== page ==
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Sermon Podcast | Audio | Video : Christian Books : Hebrews 7:4-10

Commentary On Hebrews by Jean Calvin

Hebrews 7:4-10

4. Now consider how great this man was, unto whom even the patriarch Abraham gave the tenth of the spoils.

4. Considerate autem quantus sit hic, cui et decimas dedit de spoliis Abraham patriarcha.

5. And verily they that are of the sons of Levi, who receive the office of the priesthood, have a commandment to take tithes of the people according to the law, that is, of their brethren, though they come out of the loins of Abraham:

5. Atque ii quidem qui sacerdotium accipiunt, qui scilicet sunt ex filiis Levi, praeceptum habent a populo decimas sumendi juxta legem, hoc est, a fratribus suis licet egressis ex lumbis Abrahae:

6. But he whose descent is not counted from them received tithes of Abraham, and blessed him that had the promises.

6. Cujus autem genus non recensetur ex ipsis, decimas sumpsit ab Abraham, et habentem promissiones benedixit.

7. And without all contradiction the less is blessed of the better.

7. Porro sine controversia quod minus est a potiore benedicitur.

8. And here men that die receive tithes; but there he receiveth them, of whom it is witnessed that he liveth.

8. Atque hic quidem homines qui moriuntur, decimas accipiunt; illic autem is de quo testatum est quod vivat:

9. And as I may so say, Levi also, who receiveth tithes, payed tithes in Abraham.

9. Et ut ita loquar, in Abraham decimatus est ipse Levi qui decimas solet accipere;

10. For he was yet in the loins of his father, when Melchisedec met him.

10. Nam is adhuc in lumbis patris erat quum occurrerit Abrahae Melchisedec.

4. Now consider, etc. This is the fourth comparison between Christ and Melchisedec, that Abraham presented tithes to him. But though tithes were instituted for several reasons, yet the Apostle here refers only to what serves his present purpose. One reason why tithes were paid to the Levites was, because they were the children of Abraham, to whose seed the land was promised. It was, then, by a hereditary right that a portion of the land was allotted to them; for as they were not allowed to possess land, a compensation was made to them in tithes. There was also another reason, -- that as they were occupied in the service of God and the public ministry of the Church, it was right that they should be supported at the public cost of the people. Then the rest of the Israelites owed them tithes as a remuneration for their work. But these reasons bear not at all on the present subject; therefore, the Apostle passes them by. The only reason now alleged is, that as the people offered the tithes as a sacred tribute to God, the Levites only received them. It hence appears that it was no small honor that God in a manner substituted them for himself. Then Abraham, being one of the chief sergeants of God and a prophet, having offered tithes to Melchisedec the priest, thereby confessed that Melchisedec excelled him in dignity. If, then, the patriarch Abraham owned him more honourable than himself, his dignity must have been singular and extraordinary. The word patriarch is mentioned for the sake of setting forth his dignity; for it was in the highest degree honourable to him to have been called a father in the Church of God.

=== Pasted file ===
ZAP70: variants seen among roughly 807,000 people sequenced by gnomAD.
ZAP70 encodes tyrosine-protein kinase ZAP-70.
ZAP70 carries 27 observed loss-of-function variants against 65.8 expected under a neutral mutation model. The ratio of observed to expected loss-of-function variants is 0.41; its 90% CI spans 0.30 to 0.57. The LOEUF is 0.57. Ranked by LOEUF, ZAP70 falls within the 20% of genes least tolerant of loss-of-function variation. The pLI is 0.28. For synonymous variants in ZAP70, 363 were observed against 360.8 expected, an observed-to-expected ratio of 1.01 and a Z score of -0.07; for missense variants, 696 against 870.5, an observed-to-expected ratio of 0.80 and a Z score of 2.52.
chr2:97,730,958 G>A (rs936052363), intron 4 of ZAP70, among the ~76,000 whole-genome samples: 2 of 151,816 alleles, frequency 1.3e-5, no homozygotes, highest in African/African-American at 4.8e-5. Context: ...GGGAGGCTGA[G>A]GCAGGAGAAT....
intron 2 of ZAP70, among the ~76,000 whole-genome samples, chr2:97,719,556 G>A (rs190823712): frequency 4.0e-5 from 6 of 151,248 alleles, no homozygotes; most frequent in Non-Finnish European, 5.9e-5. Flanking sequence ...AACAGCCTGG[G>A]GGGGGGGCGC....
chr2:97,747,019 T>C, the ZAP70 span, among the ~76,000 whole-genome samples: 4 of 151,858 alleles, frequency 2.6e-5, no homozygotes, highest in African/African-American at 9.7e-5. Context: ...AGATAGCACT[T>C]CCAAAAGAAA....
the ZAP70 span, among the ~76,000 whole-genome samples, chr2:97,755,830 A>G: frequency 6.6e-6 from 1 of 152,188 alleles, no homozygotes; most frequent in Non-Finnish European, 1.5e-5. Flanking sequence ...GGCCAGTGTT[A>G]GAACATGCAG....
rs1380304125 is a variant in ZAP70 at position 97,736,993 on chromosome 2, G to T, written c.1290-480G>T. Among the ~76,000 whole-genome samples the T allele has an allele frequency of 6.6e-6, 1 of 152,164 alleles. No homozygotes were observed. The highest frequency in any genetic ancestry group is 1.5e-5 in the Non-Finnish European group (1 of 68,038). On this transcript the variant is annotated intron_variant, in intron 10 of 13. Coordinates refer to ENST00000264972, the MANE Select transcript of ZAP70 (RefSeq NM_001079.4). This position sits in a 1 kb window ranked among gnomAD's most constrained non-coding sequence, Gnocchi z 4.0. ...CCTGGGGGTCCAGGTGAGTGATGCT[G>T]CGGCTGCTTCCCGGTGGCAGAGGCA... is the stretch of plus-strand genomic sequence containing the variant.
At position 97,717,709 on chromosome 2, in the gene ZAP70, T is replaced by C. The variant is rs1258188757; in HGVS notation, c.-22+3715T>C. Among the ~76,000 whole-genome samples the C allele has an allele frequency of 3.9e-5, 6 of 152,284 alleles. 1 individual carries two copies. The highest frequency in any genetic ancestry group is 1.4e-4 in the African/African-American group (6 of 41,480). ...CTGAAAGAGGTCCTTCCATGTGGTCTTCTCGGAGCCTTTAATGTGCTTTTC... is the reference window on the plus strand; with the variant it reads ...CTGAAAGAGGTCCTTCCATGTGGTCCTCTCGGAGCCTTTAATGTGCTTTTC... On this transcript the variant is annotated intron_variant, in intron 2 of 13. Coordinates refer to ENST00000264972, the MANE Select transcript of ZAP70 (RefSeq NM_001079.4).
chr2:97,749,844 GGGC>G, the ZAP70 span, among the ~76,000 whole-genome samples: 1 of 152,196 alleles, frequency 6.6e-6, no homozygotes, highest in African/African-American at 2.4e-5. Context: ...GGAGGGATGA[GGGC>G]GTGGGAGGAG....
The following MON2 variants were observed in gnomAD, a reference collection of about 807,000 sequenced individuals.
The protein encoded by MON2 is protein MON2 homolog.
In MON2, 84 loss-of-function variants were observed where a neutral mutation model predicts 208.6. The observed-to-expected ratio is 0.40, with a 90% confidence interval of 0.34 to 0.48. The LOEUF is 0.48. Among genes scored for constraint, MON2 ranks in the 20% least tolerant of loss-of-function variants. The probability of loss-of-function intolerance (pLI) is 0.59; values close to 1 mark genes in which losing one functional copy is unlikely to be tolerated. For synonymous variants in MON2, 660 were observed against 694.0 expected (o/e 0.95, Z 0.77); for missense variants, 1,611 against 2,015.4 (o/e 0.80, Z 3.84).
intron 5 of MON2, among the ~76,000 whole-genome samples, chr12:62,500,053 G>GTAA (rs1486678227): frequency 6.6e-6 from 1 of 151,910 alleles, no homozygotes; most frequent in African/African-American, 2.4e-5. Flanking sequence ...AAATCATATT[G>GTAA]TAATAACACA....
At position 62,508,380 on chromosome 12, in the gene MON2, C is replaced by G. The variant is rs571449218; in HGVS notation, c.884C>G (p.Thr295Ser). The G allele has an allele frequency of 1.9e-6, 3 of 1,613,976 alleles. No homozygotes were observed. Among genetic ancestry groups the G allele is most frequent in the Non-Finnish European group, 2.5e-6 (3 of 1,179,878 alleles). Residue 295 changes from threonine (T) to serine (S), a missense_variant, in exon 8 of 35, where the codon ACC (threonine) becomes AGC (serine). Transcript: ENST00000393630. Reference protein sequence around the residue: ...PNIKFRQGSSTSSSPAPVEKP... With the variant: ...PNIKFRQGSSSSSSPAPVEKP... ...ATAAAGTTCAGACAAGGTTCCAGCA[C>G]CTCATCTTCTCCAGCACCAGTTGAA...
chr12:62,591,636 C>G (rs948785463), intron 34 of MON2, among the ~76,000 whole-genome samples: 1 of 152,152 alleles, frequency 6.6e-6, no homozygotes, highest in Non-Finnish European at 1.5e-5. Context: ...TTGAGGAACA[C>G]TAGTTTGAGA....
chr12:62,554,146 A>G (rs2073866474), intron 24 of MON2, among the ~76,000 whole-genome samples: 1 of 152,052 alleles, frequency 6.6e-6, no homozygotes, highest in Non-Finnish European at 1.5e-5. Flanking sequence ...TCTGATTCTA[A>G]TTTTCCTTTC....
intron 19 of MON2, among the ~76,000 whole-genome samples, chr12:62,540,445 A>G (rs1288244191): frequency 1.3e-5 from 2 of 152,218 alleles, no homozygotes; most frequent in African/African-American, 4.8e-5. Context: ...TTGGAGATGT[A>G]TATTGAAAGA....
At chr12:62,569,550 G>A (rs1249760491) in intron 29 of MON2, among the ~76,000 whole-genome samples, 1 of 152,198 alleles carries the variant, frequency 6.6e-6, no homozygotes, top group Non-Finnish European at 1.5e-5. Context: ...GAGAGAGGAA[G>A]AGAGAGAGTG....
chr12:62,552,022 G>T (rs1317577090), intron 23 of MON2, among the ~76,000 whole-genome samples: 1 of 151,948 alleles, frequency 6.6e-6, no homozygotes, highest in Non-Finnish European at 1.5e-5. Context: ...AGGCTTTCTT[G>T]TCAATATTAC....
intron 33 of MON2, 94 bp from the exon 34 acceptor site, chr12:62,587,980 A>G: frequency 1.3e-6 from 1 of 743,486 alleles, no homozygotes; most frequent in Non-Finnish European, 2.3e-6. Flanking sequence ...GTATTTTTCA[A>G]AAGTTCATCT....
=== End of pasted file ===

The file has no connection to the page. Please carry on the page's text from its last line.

Then the argument is this, -- Abraham, who excelled all others, was yet inferior to Melchisedec; then Melchisedec had the highest place of honor, and is to be regarded as superior to all the sons of Levi. The first part is proved, for what Abraham owed to God he gave to Melchisedec: then by paying him the tenth he confessed himself to be inferior.

5. And verily they, etc. It would be more suitable to render the words thus, |because they are the sons of Levi.| The Apostle indeed does not assign it as a reason that they received tithes because they were the sons of Levi; but he is comparing the whole tribe with Melchisedec in this way. Though God granted to the Levites the right of requiring tithes from the people, and thus set them above all the Israelites, yet they have all descended from the same parent; and Abraham, the father of them all, paid tithes to a priest of another race: then all the descendants of Abraham are inferior to this priest. Thus the right conferred on the Levites was particular as to the rest of their brethren; yet Melchisedec, without exception, occupies the highest place, so that all are inferior to him. Some think that the tenths of tenths are intended, which the Levites paid to the higher priests; but there is no reason thus to confine the general declaration. The view, then, I have given is the most probable.